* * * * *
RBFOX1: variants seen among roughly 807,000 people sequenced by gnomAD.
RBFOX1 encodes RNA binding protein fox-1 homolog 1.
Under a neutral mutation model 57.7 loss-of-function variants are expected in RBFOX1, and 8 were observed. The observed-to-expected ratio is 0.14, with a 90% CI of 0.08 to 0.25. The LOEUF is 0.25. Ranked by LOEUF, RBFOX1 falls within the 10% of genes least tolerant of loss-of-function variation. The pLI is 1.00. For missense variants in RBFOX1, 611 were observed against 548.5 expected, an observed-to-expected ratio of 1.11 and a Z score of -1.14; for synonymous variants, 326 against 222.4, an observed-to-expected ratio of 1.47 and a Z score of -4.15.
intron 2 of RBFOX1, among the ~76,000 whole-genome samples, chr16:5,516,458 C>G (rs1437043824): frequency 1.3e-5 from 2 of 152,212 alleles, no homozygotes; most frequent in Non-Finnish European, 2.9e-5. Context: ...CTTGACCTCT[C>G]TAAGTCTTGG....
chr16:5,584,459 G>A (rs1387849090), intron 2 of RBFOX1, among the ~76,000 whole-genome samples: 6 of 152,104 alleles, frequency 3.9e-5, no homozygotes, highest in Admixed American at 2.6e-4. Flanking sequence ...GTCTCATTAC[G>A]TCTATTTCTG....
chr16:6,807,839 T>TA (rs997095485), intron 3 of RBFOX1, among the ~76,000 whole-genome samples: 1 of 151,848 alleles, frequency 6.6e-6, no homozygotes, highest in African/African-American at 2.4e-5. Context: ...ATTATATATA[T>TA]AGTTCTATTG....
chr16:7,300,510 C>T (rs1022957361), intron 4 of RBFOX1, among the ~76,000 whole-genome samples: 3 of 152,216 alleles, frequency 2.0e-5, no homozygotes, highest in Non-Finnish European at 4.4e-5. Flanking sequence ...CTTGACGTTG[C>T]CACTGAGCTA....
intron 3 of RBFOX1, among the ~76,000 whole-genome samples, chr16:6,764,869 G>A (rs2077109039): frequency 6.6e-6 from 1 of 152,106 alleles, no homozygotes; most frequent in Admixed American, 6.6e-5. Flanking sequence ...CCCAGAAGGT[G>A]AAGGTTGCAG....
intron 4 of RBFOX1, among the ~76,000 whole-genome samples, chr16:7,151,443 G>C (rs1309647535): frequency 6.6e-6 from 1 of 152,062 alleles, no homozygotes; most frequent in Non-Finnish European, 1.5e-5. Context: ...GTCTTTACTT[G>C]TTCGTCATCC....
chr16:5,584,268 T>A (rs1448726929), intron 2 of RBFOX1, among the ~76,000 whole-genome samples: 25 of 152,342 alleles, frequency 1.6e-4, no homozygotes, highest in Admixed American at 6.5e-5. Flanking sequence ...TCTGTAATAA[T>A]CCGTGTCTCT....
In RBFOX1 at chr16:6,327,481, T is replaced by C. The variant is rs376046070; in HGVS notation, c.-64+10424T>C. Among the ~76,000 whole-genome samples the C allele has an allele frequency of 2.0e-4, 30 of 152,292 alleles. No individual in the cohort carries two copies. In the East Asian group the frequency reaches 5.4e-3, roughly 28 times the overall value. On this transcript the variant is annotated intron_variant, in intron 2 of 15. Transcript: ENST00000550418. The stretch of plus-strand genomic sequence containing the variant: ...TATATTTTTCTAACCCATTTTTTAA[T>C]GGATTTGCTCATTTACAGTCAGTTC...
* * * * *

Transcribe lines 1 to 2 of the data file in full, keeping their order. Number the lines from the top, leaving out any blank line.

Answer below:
RBFOX1: variants seen among roughly 807,000 people sequenced by gnomAD.
RBFOX1 encodes RNA binding protein fox-1 homolog 1.